Brent Hajek is at it again. In 2010, Farm Journal reported on Hajek’s record-setting 255.764 mph, E85-powered Ford Mustang. This past summer, the Ames, Okla., farmer returned to Bonneville Salt Flats with a 2011 F-250 Super Duty pickup and left with two diesel-powered land speed records.
Hajek worked with Ford engineersto modify the F-250 for the record runs. A larger turbocharger and modified injectors were installed, and the engine compression was slightly decreased.
“We went out there to set the B Diesel Truck record, using No. 2 diesel fuel,” Hajek says. “We ran 171.123 mph to set a new record in that class. Just for fun, we drained the No. 2 out of the tank, poured in B20 diesel and ran 182 mph, which smashed the old record of 130 mph.”
A side note to the impulsive attempt at the biodiesel record is that when his crew drained the No. 2 diesel from the tank, they discovered they had burned only 1 gal. during their record run, averaging 6 miles per gallon at 170 mph.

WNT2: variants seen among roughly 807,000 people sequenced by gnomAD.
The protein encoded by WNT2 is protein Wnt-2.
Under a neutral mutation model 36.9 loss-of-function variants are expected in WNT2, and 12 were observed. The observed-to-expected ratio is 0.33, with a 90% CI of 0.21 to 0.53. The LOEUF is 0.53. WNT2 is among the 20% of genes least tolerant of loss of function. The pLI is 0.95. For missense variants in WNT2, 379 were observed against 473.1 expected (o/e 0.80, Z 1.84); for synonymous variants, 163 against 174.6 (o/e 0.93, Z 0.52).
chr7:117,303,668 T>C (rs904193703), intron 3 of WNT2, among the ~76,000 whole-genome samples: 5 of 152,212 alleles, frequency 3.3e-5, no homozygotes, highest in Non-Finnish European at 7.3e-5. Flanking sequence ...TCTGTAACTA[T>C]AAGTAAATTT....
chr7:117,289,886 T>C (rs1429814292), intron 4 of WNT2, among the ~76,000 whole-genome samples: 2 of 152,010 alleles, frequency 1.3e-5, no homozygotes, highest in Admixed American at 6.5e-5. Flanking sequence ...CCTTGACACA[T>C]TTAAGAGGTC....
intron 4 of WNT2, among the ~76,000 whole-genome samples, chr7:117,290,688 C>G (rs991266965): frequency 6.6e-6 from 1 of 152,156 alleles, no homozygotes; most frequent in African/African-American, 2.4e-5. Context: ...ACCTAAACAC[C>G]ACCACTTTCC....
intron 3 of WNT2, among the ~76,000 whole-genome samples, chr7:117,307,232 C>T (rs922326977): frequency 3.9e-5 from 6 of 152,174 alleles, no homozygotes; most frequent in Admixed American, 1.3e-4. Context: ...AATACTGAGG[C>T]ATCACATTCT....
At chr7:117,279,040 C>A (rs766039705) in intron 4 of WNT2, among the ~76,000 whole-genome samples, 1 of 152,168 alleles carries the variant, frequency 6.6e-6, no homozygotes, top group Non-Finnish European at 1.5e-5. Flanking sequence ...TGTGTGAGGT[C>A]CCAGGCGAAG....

While many Bonneville vehicles are one-of-a-kind race cars, Hajek’s F-250 is a workhorse, too. “The guys at the co-op give me a hard time because I pull fertilizer tanks with a truck that had a roll cage and racing seat in it,” he laughs.
USDA-Economic Research Service 2011 predictions for U.S. farms:
28%: Rise in net farm income, matching the increase recorded in 2010.
1st: Time that net farm income and net cash income are both projected to exceed $100 billion.
16%: Increase in crop and livestock sales.
$200 billion: Crop sales, the largest-ever in history.
17%: Increase in livestock sales, with double-digit increasesacross most categories, especially red meats.
$320 billion: Total production expenses,a $34 billion (12%) jump driven by increases ininput prices.
14.4%: Decrease in government payments compared with 2010, for a total of $10.6 billion.